Presentation on theme: "Strengthening our Community Tree Canopy Through Education Module #3: Pruning Young Trees in the Urban Landscape Laura Sanagorski, Environmental Horticulture."— Presentation transcript:
Strengthening our Community Tree Canopy Through Education Module #3: Pruning Young Trees in the Urban Landscape Laura Sanagorski, Environmental Horticulture Extension Faculty
Strengthening Our Community Tree Canopy 2012 Urban Forestry Series This series is a part of a project titled “Strengthening Our Community Tree Canopy Through Education”. This project is made possible by a grant through the 2011 National Urban and Community Forestry Grant Program and the Florida Department of Agriculture and Consumer Services, and the Florida Forest Service.
Straight, single leader Evenly spaced branches and full, even canopy Free of pests, disease, and injury Roots grow away from the trunk; do not circle or girdle STRUCTURALLY SOUND TREES Photo: UF Laura Sanagorski
Every pruning cut: Creates potential entry points for decay organisms Promotes shoot elongation Reduces photosynthesis Causes consumption of stored carbohydrates EFFECTS OF PRUNING Photo: UF Laura Sanagorski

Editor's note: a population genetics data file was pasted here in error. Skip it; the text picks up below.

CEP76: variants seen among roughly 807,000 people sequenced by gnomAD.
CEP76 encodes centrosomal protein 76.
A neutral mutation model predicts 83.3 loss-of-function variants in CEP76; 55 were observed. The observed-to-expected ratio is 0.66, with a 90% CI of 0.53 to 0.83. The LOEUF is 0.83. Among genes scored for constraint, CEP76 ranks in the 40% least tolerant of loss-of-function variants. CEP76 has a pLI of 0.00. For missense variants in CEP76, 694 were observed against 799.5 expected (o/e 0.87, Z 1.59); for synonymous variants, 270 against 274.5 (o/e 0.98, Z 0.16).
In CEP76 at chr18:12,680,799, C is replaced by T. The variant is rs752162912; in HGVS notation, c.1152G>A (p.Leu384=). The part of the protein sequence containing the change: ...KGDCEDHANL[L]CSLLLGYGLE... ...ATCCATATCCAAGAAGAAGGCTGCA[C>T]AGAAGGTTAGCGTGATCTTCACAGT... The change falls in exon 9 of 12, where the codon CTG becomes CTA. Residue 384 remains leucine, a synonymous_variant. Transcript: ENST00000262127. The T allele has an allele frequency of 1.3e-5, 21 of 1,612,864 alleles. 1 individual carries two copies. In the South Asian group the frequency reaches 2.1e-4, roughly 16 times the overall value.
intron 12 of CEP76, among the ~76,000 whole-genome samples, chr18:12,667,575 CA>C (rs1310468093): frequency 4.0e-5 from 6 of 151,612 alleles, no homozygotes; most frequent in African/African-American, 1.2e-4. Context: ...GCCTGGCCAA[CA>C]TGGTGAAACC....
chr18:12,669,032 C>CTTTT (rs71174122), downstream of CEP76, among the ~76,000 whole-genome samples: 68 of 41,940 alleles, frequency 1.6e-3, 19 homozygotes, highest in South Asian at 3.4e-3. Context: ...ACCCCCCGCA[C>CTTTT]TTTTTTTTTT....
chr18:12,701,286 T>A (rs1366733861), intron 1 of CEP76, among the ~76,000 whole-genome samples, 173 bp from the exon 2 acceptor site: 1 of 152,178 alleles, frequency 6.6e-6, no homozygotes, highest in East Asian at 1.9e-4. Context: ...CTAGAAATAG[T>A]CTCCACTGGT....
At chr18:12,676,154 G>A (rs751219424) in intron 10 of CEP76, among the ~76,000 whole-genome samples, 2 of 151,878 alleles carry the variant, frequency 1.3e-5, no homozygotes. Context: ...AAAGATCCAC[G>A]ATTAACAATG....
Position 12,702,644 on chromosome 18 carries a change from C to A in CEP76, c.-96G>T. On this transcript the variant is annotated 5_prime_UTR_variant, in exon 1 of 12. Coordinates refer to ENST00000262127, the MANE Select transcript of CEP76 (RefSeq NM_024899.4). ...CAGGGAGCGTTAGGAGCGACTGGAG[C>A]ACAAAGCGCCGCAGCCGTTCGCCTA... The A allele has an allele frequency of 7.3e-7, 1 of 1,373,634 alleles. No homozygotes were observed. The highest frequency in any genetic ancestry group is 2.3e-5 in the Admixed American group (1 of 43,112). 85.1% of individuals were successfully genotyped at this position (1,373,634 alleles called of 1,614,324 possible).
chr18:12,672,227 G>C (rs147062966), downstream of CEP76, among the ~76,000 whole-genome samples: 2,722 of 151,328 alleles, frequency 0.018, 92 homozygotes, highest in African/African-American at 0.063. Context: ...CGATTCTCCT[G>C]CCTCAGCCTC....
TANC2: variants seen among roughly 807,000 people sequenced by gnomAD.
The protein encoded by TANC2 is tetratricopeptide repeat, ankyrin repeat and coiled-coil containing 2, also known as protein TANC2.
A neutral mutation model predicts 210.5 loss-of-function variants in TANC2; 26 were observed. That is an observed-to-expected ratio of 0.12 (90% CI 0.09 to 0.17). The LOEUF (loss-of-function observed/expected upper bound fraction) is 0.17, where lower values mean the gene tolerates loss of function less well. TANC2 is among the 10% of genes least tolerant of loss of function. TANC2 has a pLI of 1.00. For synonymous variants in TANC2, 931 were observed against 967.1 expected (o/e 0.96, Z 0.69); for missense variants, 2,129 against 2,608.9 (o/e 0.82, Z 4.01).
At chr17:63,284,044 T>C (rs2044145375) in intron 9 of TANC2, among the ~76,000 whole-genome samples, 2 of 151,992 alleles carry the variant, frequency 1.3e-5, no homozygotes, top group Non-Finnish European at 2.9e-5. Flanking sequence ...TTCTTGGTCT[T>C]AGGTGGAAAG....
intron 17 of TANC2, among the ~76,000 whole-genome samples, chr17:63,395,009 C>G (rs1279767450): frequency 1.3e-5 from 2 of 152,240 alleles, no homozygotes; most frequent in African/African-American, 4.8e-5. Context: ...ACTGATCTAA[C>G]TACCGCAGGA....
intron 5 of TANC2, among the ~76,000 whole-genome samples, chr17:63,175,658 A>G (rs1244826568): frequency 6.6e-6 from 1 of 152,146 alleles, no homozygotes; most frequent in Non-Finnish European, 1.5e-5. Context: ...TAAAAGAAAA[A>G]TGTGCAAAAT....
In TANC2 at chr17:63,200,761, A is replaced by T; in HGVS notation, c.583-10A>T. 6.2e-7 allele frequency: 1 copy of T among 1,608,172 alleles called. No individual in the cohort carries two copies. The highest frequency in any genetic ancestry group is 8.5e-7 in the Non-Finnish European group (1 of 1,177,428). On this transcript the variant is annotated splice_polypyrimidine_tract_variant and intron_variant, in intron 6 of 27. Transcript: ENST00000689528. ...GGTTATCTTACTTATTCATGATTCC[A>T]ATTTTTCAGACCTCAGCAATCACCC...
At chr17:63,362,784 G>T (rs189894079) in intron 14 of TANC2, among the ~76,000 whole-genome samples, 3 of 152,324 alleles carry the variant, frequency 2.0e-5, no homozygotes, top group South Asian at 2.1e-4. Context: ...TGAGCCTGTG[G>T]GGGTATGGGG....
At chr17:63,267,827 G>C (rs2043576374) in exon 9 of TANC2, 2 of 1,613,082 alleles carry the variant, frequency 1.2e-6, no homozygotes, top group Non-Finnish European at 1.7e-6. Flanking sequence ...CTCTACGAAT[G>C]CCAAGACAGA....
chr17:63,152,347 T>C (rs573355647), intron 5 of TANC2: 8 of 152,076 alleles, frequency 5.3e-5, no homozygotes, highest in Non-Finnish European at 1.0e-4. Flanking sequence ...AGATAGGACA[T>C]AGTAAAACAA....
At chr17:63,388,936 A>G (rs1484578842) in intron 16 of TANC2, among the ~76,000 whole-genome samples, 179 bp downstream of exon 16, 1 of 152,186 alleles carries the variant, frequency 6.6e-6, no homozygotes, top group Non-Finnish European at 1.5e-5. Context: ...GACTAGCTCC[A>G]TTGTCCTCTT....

Improper pruning cuts: Cause the above negative impacts, plus May create or enhance structural defects May increase insect and disease problems May increase maintenance needs Could reduce tree longevity Could injure or kill you EFFECTS OF PRUNING Photo: UF Laura Sanagorski
CODIT: Compartmentalization of decay in trees Compartmentalization ~ trees don’t heal Xylem cells form 6-sided compartment with four walls Wall (s) 1 : plugging of xylem vessels above and below wound Wall 2: Thick cell growth on ring Wall(s) 3: Cell growth on radial xylem rays Wall 4: New xylem formation EFFECTS OF PRUNING - CODIT Photo: UF Laura Sanagorski
Compartmentalization Of Decay In Trees (CODIT) – Wall (s) 1 : plugging of xylem vessels above and below wound – Wall 2: Thick cell growth on ring – Wall(s) 3: Cell growth on radial xylem rays – Wall 4: New xylem formation USDA Forest Service - Northeastern Area Archive, USDA Forest Service, Bugwood.org
The tree will either: Seal off the wounded area, preventing the decay from spreading to the healthy, uninjured parts of the tree, allowing the tree to survive Not seal off the wounded area, allowing the decay to spread throughout the tree. Trees with excessive decay are prone to branch failure and may have shortened life spans TREES DO NOT HEAL Photo: UF Laura Sanagorski
Remove dead and diseased branches Maintain proper structure and tree health Central Leader Strong Branch Connections Balanced Canopy Keep Branches < ½ Trunk Diameter Improve and maintain tree appearance Provide clearance beneath tree Reduce weight of stressed limbs Increase safety of landscape environment PRUNING OBJECTIVES Photo: UF Laura Sanagorski
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